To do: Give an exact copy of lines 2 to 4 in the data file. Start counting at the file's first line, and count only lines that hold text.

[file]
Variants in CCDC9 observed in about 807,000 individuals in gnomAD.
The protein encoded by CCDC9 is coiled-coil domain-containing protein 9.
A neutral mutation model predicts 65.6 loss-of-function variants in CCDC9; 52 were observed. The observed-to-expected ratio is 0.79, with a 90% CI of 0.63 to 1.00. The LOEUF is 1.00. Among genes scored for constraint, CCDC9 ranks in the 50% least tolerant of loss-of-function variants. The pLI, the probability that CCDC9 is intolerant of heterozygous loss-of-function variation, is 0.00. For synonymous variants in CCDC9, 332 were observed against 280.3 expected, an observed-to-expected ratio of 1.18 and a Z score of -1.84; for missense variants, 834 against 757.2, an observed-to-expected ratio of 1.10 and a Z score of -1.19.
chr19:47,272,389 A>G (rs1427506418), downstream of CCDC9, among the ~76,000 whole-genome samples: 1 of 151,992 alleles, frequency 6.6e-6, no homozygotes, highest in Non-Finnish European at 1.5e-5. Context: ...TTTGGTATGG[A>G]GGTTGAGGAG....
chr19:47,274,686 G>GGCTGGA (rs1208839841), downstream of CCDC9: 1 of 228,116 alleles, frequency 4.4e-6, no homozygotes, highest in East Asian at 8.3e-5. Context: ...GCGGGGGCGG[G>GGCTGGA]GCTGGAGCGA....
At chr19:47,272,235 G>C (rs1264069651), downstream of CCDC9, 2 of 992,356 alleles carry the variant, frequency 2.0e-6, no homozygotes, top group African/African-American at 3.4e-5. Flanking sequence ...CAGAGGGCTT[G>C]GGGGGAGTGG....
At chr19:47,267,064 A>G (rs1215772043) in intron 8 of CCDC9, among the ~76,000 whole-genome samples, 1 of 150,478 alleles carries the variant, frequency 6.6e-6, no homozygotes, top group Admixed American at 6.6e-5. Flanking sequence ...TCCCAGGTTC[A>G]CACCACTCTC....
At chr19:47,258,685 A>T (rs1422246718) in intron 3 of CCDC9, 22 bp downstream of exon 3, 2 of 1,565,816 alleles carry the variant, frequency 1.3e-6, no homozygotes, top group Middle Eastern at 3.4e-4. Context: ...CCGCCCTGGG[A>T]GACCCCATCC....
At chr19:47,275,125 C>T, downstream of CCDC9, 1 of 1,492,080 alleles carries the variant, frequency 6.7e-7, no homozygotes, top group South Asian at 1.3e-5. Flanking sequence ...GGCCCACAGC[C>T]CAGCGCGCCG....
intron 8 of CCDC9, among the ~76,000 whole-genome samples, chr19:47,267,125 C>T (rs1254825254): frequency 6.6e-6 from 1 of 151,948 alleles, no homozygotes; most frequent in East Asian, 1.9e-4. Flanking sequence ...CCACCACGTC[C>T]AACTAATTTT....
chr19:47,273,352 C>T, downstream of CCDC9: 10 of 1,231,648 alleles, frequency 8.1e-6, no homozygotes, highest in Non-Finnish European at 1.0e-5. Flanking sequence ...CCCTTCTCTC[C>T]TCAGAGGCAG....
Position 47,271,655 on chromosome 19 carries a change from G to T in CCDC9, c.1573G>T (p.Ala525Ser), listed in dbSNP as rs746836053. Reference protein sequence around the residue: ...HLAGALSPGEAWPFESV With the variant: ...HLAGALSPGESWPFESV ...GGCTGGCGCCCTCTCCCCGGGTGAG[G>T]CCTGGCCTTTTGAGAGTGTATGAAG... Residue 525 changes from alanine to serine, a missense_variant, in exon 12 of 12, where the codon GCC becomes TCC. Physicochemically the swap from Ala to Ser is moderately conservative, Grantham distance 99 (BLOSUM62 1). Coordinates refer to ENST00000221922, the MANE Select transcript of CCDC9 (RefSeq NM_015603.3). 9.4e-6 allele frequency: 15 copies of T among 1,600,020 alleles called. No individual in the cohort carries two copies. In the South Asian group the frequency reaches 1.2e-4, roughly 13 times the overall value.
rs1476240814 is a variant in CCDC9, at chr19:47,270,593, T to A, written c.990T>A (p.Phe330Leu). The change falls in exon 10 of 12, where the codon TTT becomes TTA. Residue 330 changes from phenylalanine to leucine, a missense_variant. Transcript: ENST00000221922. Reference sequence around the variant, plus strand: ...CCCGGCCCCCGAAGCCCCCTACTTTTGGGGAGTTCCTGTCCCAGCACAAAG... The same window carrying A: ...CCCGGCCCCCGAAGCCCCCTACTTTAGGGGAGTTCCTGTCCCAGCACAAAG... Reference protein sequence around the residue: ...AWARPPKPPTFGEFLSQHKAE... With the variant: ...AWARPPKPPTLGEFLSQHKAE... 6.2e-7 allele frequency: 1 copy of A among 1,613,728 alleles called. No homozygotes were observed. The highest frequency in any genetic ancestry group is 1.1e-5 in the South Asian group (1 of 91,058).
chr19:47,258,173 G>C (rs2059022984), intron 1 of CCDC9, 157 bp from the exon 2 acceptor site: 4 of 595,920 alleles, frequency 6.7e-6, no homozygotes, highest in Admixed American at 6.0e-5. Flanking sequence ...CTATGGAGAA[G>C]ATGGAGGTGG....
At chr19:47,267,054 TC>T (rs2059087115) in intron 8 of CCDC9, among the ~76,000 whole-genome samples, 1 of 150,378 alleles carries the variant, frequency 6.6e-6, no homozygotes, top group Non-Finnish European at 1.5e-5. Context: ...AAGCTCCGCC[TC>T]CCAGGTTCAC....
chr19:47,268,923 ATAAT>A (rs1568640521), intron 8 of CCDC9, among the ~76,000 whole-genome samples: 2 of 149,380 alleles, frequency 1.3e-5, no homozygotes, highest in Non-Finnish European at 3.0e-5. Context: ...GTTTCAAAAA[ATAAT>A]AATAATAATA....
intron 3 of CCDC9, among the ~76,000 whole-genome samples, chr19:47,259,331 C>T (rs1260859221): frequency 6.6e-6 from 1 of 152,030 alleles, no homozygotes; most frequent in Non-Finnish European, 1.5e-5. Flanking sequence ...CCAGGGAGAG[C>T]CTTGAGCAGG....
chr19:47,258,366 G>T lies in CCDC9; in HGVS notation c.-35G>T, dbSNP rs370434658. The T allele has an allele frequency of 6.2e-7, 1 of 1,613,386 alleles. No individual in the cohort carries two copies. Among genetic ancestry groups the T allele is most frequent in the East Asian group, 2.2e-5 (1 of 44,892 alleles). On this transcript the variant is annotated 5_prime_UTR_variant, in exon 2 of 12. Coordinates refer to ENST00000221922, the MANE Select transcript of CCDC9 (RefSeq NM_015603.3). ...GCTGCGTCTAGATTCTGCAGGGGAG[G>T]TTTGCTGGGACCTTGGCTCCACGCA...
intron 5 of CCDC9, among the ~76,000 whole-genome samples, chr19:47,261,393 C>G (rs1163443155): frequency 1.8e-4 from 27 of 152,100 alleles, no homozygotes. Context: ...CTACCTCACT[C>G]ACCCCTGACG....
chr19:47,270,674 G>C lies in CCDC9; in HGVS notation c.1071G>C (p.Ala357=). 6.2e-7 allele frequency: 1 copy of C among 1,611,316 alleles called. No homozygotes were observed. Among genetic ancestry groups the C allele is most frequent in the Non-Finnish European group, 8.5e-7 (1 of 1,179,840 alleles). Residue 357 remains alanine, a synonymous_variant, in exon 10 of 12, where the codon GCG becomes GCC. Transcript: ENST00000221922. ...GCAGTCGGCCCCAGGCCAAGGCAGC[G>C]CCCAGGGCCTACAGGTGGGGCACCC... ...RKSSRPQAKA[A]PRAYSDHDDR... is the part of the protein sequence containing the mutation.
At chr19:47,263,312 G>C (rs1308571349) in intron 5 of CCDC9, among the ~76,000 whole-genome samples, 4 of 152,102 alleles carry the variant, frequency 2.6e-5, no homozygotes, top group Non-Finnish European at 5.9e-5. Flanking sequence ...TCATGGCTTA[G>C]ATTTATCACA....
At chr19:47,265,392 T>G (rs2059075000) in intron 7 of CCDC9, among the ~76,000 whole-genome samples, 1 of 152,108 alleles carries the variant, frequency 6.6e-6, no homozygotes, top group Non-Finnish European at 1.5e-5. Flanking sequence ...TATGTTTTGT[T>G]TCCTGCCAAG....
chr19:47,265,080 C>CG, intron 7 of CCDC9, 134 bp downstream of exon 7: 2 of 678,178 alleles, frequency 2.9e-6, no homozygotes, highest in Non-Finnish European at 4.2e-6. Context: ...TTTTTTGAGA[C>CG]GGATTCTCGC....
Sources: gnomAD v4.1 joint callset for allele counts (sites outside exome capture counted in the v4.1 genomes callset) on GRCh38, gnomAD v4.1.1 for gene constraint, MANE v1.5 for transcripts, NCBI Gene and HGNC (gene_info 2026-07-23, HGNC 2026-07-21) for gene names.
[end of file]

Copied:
The protein encoded by CCDC9 is coiled-coil domain-containing protein 9.
A neutral mutation model predicts 65.6 loss-of-function variants in CCDC9; 52 were observed. The observed-to-expected ratio is 0.79, with a 90% CI of 0.63 to 1.00. The LOEUF is 1.00. Among genes scored for constraint, CCDC9 ranks in the 50% least tolerant of loss-of-function variants. The pLI, the probability that CCDC9 is intolerant of heterozygous loss-of-function variation, is 0.00. For synonymous variants in CCDC9, 332 were observed against 280.3 expected, an observed-to-expected ratio of 1.18 and a Z score of -1.84; for missense variants, 834 against 757.2, an observed-to-expected ratio of 1.10 and a Z score of -1.19.
chr19:47,272,389 A>G (rs1427506418), downstream of CCDC9, among the ~76,000 whole-genome samples: 1 of 151,992 alleles, frequency 6.6e-6, no homozygotes, highest in Non-Finnish European at 1.5e-5. Context: ...TTTGGTATGG[A>G]GGTTGAGGAG....